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A transfer of property that is made to swindle, hinder, or delay a creditor, or to put such property beyond his or her reach.
For example, a man transfers his bank account to a relative by putting the account in the relative's name. He informs the relative that he has not relinquished ownership of the funds, but merely wants to isolate the money from the reach of his creditors. This is a fraudulent conveyance that can be set aside by the court at the request of the defrauded creditor.A creditor who seeks to set aside a fraudulent conveyance must comply with state statutes. Most states have adopted some version of either the Uniform Fraudulent Transfer Act (UFTA) or the older Uniform Fraudulent Conveyance Act (UFCA). Generally, the individual must acquire a lien (a right or claim) or a judgment (a court decision) against a debtor's property. A judgment is usually required to show with certainty the existence of a valid and enforceable debt, but it can be dispensed with, depending upon the particular circumstances of the case. In many jurisdictions, a court will not set aside the conveyance if the debtor owns property, other than that which has been fraudulently conveyed, that is sufficient to pay the debt.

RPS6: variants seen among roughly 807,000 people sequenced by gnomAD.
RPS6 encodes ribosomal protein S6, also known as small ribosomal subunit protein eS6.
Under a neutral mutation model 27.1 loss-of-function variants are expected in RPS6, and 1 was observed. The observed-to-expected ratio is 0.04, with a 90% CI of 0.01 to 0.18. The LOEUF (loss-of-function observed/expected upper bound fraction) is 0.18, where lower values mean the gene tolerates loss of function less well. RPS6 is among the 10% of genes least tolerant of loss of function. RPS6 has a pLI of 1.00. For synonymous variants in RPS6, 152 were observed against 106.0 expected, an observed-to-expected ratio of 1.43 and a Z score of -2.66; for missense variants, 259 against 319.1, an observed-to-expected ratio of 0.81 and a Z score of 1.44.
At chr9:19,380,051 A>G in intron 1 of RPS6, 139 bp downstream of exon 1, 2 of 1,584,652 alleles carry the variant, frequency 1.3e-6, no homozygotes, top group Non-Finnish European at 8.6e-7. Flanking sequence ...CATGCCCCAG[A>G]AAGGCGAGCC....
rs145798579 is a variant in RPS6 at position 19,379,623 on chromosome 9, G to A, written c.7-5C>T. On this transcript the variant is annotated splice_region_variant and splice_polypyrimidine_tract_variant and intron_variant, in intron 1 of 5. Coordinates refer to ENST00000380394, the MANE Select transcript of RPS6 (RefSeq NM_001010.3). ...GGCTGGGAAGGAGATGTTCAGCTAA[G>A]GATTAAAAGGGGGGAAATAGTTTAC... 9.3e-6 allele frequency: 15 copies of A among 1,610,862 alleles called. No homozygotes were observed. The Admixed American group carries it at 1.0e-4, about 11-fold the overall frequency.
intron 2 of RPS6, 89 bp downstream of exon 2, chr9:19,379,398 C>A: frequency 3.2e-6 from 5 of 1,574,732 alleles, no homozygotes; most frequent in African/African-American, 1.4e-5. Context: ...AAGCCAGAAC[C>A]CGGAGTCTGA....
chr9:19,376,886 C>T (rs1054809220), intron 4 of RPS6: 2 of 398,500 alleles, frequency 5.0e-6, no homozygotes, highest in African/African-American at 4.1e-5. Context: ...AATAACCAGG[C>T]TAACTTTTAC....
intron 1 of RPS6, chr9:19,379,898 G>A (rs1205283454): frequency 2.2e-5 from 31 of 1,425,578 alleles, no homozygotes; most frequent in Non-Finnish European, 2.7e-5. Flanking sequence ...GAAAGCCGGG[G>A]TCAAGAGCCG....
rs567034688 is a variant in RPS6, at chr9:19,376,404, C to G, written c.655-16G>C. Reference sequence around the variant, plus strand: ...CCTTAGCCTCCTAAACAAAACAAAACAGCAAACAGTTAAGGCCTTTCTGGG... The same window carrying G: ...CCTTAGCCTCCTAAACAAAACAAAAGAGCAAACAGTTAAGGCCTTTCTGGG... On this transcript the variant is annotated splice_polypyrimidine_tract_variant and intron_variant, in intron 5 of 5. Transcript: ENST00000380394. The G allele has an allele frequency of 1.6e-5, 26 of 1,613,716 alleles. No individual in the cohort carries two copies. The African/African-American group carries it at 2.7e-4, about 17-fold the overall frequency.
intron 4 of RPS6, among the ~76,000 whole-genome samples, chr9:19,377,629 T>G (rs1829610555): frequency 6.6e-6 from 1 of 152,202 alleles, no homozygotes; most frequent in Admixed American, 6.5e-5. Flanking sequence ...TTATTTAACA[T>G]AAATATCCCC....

Just because an individual in debt makes a conveyance of his or her property does not mean that it is a fraudulent conveyance. Whether a transaction constitutes a fraudulent conveyance depends upon the existence of the intent to defraud at the time that the challenged transfer was made. Because it may be difficult for the courts to determine an individual's intent, rules have been established to help in the process. Such rules are called "badges of fraud." For example, if the Transfer of Assets was concealed, an inference of Fraud can be made. The failure to record a conveyance, such as a deed to land, might indicate the existence of fraud. Another example is if the transfer included virtually all of the debtor's assets.
If a voluntary conveyance renders a debtor insolvent or leaves the debtor without the means of paying the debts existing at the time of the conveyance, it is fraudulent and without any legal effect, regardless of the intent of the parties.
A conveyance by one spouse to the other based upon a fictitious or nominal consideration is generally treated as fraudulent if it is made to defeat the spouse's creditor's claims. However, if one spouse pays the other the market value of the property, the transfer is valid and will not be set aside as a fraudulent conveyance. Where a conveyance between spouses is made in consideration of love and affection, it is voluntary and fraudulent if it renders the debtor spouse unable to pay existing personal debts.
Property purchased in the name of one spouse (e.g., the wife), but paid for with the funds of the other (e.g., the husband), can be challenged by the husband's existing creditors. A bona fide debt due by one spouse to the other, which can be established by showing that the spouses dealt with each other as debtor and creditor, is sufficient consideration to support a conveyance of property in payment of a debt as long as the debt bears a reasonable proportion to the value of the property conveyed.
Creditors will lose their attack upon a conveyance between family members unless the transfer is for a grossly inadequate consideration and is surrounded by other circumstances that establish fraud.